During the period January 1848 to August 1849 there were many revolutions across the face of Europe. They occurred in France, Italy, Piedmont, The Austrian Empire, Germany, Poland, Holland, Denmark and Switzerland. These events which occurred across Europe had many similarities both in their origins, nature and consequences but just as many differences. Many of these similarities lie in the fact that the leaders surrendered power easily and the type of government that was set-up. Consequently historians disagree.
In France there was a general feeling of dislike for the King Louis-Phillipe the XVIII. Phillipe s country badly needed much liberal social reform to keep the citizens happy. However, Phillipe was not prepared to give any ground in the direction of social reform. He ignored the principles behind parliamentary government and appointed first ministers who agreed with his decisions. He also manipulated elections, as well as, gave judiciary favours. Phillipe stubbornly resisted attempts to make government more representative and responsive.
These actions caused discontent among the French. Banquets were organised by the middle classes to protest at the government's intransigence. Phillipe quickly had them banned when they became too radical In Rome the Pope, Pope Pius the IX was also unpopular. He had earned himself the nickname of the liberal Pope as a result of his introduction of many liberal reforms.
During 1833 - 1834 he freed political prisoners and allowed political exiles to return from abroad because of pressure from the people who s views were altered by nationalists and groups such as the Carbonari and the whole risorgimento' movement. However, when things turned awkward because of pressure from nationalists and liberals like Giusseppe Mazzini, Balbo, Gioberti and Cata neo, he was only too quick to withdraw them. The people were left with a feelin of anger at their leader. Economic crisis hit Europe in 1846 as a direct result of the sudden burst of industrial development.
The economic growth encouraged speculative investment but the market became saturated and a crash ensued which left may investors losing money. This directly contributed to social and political unrest and discontent. The crisis was exacerbated by the failure of the harvest which caused bread prices to rocket and unemployment to increase. The Austrians, with their backwards economy needed the high tariffs to survive and so they gave their goods precedence over the Milanese people s goods, in this case being Tobacco. Consequently the Milanese rioted in January. In Italy the people looked likely to riot if something positive was not done about price of bread, which was a staple food.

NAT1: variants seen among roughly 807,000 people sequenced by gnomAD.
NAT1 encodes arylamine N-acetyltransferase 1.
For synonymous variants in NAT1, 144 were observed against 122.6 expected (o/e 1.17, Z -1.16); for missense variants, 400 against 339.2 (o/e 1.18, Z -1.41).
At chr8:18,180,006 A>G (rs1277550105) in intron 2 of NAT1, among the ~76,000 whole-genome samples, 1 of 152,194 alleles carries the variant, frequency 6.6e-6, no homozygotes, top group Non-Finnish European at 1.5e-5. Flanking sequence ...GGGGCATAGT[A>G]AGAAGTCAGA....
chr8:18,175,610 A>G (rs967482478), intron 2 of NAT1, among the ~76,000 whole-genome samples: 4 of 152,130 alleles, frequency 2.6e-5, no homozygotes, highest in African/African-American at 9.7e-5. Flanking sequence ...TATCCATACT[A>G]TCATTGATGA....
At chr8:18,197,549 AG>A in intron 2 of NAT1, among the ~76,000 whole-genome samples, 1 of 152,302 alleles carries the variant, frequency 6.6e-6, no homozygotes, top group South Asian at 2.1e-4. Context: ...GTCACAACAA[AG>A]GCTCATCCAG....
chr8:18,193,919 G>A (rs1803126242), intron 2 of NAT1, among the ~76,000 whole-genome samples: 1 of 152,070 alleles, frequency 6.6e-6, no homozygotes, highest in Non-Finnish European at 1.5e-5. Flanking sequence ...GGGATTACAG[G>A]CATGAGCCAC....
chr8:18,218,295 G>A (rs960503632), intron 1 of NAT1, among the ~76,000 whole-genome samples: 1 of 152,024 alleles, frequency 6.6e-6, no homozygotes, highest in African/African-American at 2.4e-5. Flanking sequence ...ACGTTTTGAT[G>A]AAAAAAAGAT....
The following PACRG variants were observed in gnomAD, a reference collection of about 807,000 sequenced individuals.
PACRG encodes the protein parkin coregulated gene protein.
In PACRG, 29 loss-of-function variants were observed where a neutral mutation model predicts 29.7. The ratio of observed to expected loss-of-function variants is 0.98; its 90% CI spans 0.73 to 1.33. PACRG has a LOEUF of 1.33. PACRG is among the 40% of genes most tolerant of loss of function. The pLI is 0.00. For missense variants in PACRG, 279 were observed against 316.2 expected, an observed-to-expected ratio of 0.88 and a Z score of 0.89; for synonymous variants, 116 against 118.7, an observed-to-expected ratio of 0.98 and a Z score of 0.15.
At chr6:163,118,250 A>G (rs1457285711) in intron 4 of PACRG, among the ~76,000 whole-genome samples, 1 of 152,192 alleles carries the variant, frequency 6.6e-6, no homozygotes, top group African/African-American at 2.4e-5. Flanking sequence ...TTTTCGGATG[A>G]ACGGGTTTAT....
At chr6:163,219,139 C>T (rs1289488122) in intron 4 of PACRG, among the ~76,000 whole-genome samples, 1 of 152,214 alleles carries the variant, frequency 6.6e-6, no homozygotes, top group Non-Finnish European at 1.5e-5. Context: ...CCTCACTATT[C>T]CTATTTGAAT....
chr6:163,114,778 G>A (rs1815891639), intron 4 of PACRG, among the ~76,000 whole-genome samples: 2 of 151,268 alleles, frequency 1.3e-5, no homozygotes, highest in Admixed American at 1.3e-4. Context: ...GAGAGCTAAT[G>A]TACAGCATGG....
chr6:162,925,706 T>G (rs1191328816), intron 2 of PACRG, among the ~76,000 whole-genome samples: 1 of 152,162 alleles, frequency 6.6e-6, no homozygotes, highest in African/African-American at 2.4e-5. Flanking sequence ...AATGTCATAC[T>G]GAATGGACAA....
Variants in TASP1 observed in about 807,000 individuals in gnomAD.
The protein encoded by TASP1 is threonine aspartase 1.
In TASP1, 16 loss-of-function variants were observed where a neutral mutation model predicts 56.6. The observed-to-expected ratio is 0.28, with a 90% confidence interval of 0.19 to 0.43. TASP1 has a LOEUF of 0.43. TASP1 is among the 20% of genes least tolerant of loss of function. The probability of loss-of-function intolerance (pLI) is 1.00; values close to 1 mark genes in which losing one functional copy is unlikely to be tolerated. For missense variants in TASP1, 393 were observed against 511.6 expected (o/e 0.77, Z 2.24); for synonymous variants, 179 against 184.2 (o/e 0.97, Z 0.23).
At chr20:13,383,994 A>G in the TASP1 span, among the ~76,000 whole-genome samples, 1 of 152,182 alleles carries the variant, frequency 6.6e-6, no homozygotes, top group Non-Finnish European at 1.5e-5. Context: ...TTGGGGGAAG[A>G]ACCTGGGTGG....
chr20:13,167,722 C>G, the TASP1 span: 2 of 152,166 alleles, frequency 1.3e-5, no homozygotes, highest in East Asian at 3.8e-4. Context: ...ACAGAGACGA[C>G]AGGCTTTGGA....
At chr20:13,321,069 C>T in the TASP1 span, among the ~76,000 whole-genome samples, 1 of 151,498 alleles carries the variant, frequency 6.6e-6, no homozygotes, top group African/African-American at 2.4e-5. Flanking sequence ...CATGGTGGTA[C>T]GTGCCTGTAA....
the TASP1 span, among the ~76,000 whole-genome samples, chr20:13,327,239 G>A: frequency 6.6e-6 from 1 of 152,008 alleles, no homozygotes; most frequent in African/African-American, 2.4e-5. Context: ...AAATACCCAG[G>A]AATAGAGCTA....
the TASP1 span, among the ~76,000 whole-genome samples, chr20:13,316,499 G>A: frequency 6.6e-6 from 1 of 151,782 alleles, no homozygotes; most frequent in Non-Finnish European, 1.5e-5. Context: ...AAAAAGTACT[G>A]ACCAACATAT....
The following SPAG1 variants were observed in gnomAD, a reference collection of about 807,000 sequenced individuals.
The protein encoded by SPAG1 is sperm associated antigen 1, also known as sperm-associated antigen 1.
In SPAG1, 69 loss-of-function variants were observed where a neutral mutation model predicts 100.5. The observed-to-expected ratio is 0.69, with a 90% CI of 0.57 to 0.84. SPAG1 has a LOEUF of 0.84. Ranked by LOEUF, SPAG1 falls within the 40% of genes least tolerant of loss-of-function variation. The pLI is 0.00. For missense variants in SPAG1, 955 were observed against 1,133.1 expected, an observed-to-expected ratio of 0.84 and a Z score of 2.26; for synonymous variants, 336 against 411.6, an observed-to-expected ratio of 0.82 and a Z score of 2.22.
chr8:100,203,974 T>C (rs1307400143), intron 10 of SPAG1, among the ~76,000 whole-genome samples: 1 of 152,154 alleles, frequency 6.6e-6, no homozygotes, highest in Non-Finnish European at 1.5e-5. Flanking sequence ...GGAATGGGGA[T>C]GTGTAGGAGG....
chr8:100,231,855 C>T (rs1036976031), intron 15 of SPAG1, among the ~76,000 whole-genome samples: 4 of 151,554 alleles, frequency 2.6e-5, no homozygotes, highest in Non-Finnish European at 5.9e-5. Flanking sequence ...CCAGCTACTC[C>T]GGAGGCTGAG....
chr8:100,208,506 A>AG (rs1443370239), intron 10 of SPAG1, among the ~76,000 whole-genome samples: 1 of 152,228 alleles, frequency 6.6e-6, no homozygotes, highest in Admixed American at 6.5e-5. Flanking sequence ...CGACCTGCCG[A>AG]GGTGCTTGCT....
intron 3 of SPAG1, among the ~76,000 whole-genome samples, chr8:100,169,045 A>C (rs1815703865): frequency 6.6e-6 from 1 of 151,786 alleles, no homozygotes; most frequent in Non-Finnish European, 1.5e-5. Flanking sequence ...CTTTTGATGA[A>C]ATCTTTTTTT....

Events took a similar course in France. Riots occurred in Paris and Lyons and intellectuals began to write about the plight of the poor. People like Louis Blanc and Lamartine saw this opportunity and seized it. They did this by preaching their own more radical ideologies. Political attitudes amongst the peasants began to swing in the direction of more radical ideas. The radicals were interested in deposing the King and making France a republic.
Nationalism was rife throughout Europe at this time. The nationalists felt that the current leaders were not giving the people a fair deal and therefore they had to be replaced. There had always been a strong Nationalist movement in France, however it was mostly ignored by the peasants because it was seen as the domain of the middle classes. However, as times were hard the Nationalists made promises that they could alleviate France from this tragic situation it had got into. This caught the ears of the peasantry and made them listen.
In Italy the causes were very much the same, however there was a strong felling of Italian unity which people like Mazzini, Giusseppe Garibaldi and Daniel Manin had done their best to evoke. Another difference was the repression which the Austrians forced upon the Milanese and the Venetians. When demonstrations were held outside Phillipe s Palace the soldiers started shooting the demonstrators. This whipped the people into even more of a frenzy than they were in already. Finally, on the 24 th of February 1848 Louis-Phillipe the XVIII abdicated to England, in favour of his grandson.
The Second Republic was then declared from the Hotel de Ville. In Southern Europe the Italians looked likely to revolt against their leader or oppressors respectively. When March the 18 th, 1848 came the Milanese revolted against the Austrians, they were closely followed by the Venetians who, under Manin, did likewise on March the 22 nd. In November, 1848 the Pope abdicated from Rome. In Piedmont, the King Charles-Albert received a request for help from the Milanese. The Milanese were fighting an all out war against the Austrians in Lombardy.